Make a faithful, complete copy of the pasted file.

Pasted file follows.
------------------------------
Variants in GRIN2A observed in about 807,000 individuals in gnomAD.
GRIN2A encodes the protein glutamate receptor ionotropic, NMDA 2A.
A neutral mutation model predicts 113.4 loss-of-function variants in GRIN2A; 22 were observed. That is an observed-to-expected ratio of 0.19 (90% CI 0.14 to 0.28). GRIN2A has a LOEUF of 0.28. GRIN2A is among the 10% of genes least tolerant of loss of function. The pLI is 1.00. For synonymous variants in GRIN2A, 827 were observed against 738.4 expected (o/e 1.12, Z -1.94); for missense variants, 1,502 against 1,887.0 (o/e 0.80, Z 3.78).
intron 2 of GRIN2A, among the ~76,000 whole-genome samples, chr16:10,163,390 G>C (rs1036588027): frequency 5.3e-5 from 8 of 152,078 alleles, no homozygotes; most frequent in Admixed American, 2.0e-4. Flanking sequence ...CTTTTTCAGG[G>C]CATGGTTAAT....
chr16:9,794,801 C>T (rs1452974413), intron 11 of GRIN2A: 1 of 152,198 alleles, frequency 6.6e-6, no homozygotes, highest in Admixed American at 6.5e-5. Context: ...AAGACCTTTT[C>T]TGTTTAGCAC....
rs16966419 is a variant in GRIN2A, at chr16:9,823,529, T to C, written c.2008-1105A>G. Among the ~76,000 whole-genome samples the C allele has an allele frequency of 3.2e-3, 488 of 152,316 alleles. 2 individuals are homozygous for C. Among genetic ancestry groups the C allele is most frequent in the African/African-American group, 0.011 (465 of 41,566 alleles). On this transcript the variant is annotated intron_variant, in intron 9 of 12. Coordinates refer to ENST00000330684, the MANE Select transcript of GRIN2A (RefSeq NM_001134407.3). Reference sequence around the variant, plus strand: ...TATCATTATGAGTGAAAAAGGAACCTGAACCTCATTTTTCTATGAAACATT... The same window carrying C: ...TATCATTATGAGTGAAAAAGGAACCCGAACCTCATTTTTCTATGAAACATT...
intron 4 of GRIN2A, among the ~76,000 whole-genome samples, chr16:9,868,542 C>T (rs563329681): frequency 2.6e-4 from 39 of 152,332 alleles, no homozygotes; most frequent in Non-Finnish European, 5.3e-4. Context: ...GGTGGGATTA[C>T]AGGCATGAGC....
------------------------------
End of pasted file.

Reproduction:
Variants in GRIN2A observed in about 807,000 individuals in gnomAD.
GRIN2A encodes the protein glutamate receptor ionotropic, NMDA 2A.
A neutral mutation model predicts 113.4 loss-of-function variants in GRIN2A; 22 were observed. That is an observed-to-expected ratio of 0.19 (90% CI 0.14 to 0.28). GRIN2A has a LOEUF of 0.28. GRIN2A is among the 10% of genes least tolerant of loss of function. The pLI is 1.00. For synonymous variants in GRIN2A, 827 were observed against 738.4 expected (o/e 1.12, Z -1.94); for missense variants, 1,502 against 1,887.0 (o/e 0.80, Z 3.78).
intron 2 of GRIN2A, among the ~76,000 whole-genome samples, chr16:10,163,390 G>C (rs1036588027): frequency 5.3e-5 from 8 of 152,078 alleles, no homozygotes; most frequent in Admixed American, 2.0e-4. Flanking sequence ...CTTTTTCAGG[G>C]CATGGTTAAT....
chr16:9,794,801 C>T (rs1452974413), intron 11 of GRIN2A: 1 of 152,198 alleles, frequency 6.6e-6, no homozygotes, highest in Admixed American at 6.5e-5. Context: ...AAGACCTTTT[C>T]TGTTTAGCAC....
rs16966419 is a variant in GRIN2A, at chr16:9,823,529, T to C, written c.2008-1105A>G. Among the ~76,000 whole-genome samples the C allele has an allele frequency of 3.2e-3, 488 of 152,316 alleles. 2 individuals are homozygous for C. Among genetic ancestry groups the C allele is most frequent in the African/African-American group, 0.011 (465 of 41,566 alleles). On this transcript the variant is annotated intron_variant, in intron 9 of 12. Coordinates refer to ENST00000330684, the MANE Select transcript of GRIN2A (RefSeq NM_001134407.3). Reference sequence around the variant, plus strand: ...TATCATTATGAGTGAAAAAGGAACCTGAACCTCATTTTTCTATGAAACATT... The same window carrying C: ...TATCATTATGAGTGAAAAAGGAACCCGAACCTCATTTTTCTATGAAACATT...
intron 4 of GRIN2A, among the ~76,000 whole-genome samples, chr16:9,868,542 C>T (rs563329681): frequency 2.6e-4 from 39 of 152,332 alleles, no homozygotes; most frequent in Non-Finnish European, 5.3e-4. Context: ...GGTGGGATTA[C>T]AGGCATGAGC....